In 2016, Higher Grounds has had the honor of hosting our partner farmer Jose Perez Vasquez of the Maya Vinic cooperative in Chiapas, Mexico--the very co-op that inspired us to start Higher Grounds--for an extended visit. Jose’s extended visa allows him to learn about the U.S. specialty coffee market, including barista and communications training, and share his perspectives with those who have enjoyed coffee from his region for years. This blog is part of a series highlighting Jose’s knowledge and perspectives as a coffee farmer as well as his experiences during this roaster/grower exchange.
How much does it actually cost to grow organic coffee in the highlands of Chiapas, Mexico? Jose, our long time friend and co-founder of Maya Vinic, explains how much it costs to cultivate organic coffee in Chiapas.
To prepare a hectare (2.47 acres) of land for coffee cultivation, there are four steps required, all with separate costs:
Weeding, typically with a machete, and cleaning the underbrush: $1600 pesos ($85.58 USD)
Measuring distances between plants: $3000 pesos ($159.48 USD)
Digging the holes: $800 pesos (USD $42.53)
Planting the coffee: $3000 pesos ($159.48 USD)
On each hectare of land, we can grow 2000 coffee plants. It costs 5 pesos per cubic unit, for a total of $10,000 pesos ($531.60 USD). Depending on the shade available in that area, we generally weed four times per year at a cost of $1600 per cleaning ($85.58 USD) or $6400 annually ($340.22 USD), and this takes place for three consecutive years [until the coffee plants begin bearing fruit]. If there is quite a bit of shade, we can weed less.
Once the plants are producing coffee, they offer the best yield from years 5-12, a long as they are properly maintained and organic fertilizer and compost, including coffee pulp, are applied. We also apply other nutrients for good quality and health of the plants. When well worked, we can yield between 1200-1500 kilos (2645-3310 pounds) per hectare. The price per kilo paid last year (2015) was $49 pesos ($2.60 USD).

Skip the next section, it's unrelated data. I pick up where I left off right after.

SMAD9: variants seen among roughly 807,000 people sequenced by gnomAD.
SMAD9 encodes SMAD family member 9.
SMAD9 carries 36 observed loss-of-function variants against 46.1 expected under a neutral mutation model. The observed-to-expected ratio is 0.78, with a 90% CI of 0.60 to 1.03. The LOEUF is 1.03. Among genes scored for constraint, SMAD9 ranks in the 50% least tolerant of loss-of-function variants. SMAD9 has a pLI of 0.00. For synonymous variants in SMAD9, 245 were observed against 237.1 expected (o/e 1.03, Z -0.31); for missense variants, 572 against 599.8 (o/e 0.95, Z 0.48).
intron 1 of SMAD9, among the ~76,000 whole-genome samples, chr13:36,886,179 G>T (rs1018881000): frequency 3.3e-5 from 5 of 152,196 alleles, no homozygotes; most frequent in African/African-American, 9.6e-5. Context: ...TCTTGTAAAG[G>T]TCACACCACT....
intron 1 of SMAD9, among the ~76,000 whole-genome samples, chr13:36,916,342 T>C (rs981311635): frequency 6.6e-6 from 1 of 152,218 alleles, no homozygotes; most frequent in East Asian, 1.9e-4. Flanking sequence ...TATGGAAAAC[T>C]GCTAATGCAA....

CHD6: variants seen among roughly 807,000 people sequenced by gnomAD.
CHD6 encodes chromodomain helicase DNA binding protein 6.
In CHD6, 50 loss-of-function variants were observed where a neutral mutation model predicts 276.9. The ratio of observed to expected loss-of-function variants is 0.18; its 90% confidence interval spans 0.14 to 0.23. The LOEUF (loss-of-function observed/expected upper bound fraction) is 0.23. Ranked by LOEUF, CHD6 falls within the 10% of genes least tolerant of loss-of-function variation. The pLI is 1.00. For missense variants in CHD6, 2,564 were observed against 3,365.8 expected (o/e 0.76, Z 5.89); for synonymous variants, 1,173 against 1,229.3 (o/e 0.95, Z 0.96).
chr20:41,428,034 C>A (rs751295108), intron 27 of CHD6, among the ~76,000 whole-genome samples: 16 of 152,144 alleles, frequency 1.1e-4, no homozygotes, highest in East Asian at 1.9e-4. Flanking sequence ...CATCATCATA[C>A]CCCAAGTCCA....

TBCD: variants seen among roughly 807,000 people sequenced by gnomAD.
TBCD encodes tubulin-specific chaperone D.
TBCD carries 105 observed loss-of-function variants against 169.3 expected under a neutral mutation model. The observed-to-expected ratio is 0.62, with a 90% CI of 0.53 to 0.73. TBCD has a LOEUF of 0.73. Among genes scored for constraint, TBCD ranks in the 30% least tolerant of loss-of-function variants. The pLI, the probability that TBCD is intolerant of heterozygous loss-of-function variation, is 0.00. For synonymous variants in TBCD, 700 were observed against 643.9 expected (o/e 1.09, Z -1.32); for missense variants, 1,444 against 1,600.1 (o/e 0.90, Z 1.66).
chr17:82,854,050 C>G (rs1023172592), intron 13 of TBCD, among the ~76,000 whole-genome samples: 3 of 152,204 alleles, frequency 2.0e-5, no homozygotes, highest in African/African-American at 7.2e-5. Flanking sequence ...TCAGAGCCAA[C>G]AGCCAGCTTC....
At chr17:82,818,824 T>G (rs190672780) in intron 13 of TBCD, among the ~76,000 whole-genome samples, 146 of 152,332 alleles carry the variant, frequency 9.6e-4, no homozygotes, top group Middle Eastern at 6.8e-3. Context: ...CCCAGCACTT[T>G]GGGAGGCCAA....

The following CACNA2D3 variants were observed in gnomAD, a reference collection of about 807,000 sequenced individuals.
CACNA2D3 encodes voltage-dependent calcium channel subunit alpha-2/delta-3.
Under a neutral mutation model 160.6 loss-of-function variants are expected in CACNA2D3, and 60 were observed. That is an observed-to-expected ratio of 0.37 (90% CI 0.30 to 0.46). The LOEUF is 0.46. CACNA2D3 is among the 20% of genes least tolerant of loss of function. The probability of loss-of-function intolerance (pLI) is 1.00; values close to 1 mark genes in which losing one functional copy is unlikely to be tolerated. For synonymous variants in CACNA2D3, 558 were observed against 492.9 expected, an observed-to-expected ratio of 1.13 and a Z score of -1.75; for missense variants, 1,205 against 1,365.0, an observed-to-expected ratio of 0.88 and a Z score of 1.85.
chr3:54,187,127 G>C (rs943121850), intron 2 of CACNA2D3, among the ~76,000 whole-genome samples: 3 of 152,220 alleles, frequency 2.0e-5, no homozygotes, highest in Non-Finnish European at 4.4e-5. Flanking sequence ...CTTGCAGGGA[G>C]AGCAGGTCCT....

Beekeeping is another source of income for our cooperative. We work an average of 40-50 bee boxes per producer. However, we do not today have that many due to lack of space for installing the apiary and the cost of one box hive, which is between $1000-1200 pesos ($53-64 USD).
We are always looking for additional sources of income to support our families. We have steady demand for our honey from customers abroad, and we are excited to expand our product into more international markets. Ideally we could purchase more land on which to install additional hives. Last year we were paid $45 pesos ($2.40 USD) per kilo, and this good price encourages us to remain producers of honey. However, we are in need of additional equipment for extracting honey as well as the land on which to expand cultivation of both coffee and honey.
We also need more space to plant corn and beans that are the basics for daily consumption. Having the land is a fortress and a relief for our children. By the natural wealth in this area--water, forests, variety of trees--much serves our humanity. We ourselves have to fight to live in a better world, and have bread every day, with our family and community in which we have engaged in a struggle to defend our rights as indigenous peoples. We have sought a way to fight peacefully, nonviolently, but in order to do that, we need good health, good nutrition, and good relationships between brothers.
*Currency conversions are based on the Sept. 9, 2016 exchange rate: 18.7 pesos = 1 dollar = 0.89 Euros.